THE BLOG
12/05/2014 12:10 pm ET Updated Dec 06, 2017

Housing First: Helping Veterans and Their Families Out of Homeless Situations

With the onset of winter comes the holiday season, which, for most Americans, signifies a joy-filled period of giving spent with family. For our nation's homeless population, however, the transition to colder weather is an additional daily challenge and a cruel reminder of their plight. In the greater Metropolitan Washington, DC area, the number of families who will need shelter this winter is expected to increase by 16%, to 820, compared to last year's 707. This number includes nearly 1,500 children and it also includes Veterans. A January 2014 Point-in-Time survey counted more than 49,000 Veterans nationwide who were literally homeless. Perhaps even more staggering is that there are 1.2 million Veterans living at, or below, the poverty line. This is a national tragedy, but it can be fixed.

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I served as an officer in the United States Army for 22 years. I started Operation Renewed Hope Foundation in December 2011 to help DC-area Veterans who are experiencing homelessness. Our mission is to provide quality (safe & affordable) housing and supportive services to this population. While we seek to provide housing for all Veterans, our priority is to help families, especially those where the Veteran is a single parent.

The challenges that homeless Veterans face are no different than those of other homeless persons. In many cases, insufficient income, poor credit, addictions and physical or mental health issues can all present barriers to attaining and maintaining housing. Stagnating wages and lack of affordable housing further compound these factors, especially in the increasingly expensive DC-area housing market.

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Since Operation Renewed Hope Foundation's inception, we have been able to help more than 300 Veterans and their families, including nearly 100 last year alone. We help these families by embracing the "housing first" model -- we put a roof overhead and help them build and execute a plan for long-term stability. So far this method has yielded an 83% success rate!

Here's an example of a success story: We learned of a family of four, two adults and two small children, living in their vehicle and decided to help them. First, we coordinated for the family to live in a temporary shelter through a county program and then advocated with a private landlord to source permanent housing. Our organization helped the family apply for public benefits and any Veteran benefits they were eligible for. This helped supplement an already low income. We then worked with both adult family members to find better-paying jobs. After several months, the family was self-sufficient and on a path to even greater stability.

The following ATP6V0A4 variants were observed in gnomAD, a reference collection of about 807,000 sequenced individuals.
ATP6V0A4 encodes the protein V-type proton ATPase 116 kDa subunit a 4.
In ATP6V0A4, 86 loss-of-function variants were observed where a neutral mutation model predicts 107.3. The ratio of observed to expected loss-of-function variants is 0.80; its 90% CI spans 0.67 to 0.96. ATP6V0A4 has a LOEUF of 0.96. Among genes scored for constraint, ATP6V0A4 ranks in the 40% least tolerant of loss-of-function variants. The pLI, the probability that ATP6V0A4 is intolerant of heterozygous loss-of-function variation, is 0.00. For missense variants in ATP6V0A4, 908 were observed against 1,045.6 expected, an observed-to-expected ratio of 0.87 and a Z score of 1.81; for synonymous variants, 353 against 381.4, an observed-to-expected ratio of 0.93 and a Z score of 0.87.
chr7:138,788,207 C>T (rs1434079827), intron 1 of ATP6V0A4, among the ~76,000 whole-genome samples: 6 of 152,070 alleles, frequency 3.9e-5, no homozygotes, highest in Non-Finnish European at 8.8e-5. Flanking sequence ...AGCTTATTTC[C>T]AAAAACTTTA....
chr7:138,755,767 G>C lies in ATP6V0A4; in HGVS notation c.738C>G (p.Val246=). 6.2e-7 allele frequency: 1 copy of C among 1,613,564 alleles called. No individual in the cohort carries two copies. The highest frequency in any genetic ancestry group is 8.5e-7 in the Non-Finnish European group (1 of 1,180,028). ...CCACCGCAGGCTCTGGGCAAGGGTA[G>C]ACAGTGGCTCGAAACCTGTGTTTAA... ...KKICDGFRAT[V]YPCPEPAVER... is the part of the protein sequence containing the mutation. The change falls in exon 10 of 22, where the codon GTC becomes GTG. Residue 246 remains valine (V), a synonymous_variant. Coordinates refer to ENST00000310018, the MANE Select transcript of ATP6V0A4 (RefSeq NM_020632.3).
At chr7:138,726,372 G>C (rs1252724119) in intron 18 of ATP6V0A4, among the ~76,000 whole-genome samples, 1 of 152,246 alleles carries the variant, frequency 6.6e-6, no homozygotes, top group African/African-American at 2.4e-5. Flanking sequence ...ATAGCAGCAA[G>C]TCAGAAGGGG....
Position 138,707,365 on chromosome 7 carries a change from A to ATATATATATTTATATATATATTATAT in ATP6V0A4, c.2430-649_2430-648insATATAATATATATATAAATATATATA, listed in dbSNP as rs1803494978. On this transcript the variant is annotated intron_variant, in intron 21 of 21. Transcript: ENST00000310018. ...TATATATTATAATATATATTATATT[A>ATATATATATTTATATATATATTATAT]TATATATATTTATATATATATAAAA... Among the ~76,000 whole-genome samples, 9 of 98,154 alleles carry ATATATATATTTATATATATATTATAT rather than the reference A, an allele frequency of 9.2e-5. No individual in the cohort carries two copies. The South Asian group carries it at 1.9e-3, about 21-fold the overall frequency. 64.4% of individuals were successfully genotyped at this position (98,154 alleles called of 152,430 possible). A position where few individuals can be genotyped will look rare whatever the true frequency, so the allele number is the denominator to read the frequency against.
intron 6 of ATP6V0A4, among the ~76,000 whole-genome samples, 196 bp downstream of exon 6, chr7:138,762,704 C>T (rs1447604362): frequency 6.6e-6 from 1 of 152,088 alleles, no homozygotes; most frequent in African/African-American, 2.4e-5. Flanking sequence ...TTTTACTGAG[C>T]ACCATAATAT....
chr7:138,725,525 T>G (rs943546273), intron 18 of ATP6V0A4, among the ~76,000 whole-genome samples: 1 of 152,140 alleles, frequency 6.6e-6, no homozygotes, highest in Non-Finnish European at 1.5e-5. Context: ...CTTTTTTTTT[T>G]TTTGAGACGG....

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The biggest challenge we face is finding affordable housing and decent-paying jobs for the Veterans we serve. However, we have found that the key to success is developing invaluable relationships with employers, housing providers and other organizations like ours. At Operation Renewed Hope Foundation, we believe a community-based approach is the best way to tackle homelessness.

President Obama and the Department of Veteran Affairs have pledged to end homelessness among Veterans and you can help too. If you're an employer, hire a Veteran experiencing homelessness. If you are a landlord, take a chance on someone who is going through a difficult time. If you know a Veteran who needs help let them know that there are organizations out there that can help and urge them to contact a local Veteran Service Organization or other assistance agency. There is no reason why a Veteran and their family should have to spend a winter on the streets. If we work together as a community, we can help ensure homelessness among Veterans becomes an issue of the past.

This post was brought to you by L'Oréal Paris Women of Worth, an initiative started in 2005 that honors 10 amazing volunteers combatting disease, poverty, sex trafficking and addiction with $10,000 grants each year. Go to WomenofWorth.com to read their stories.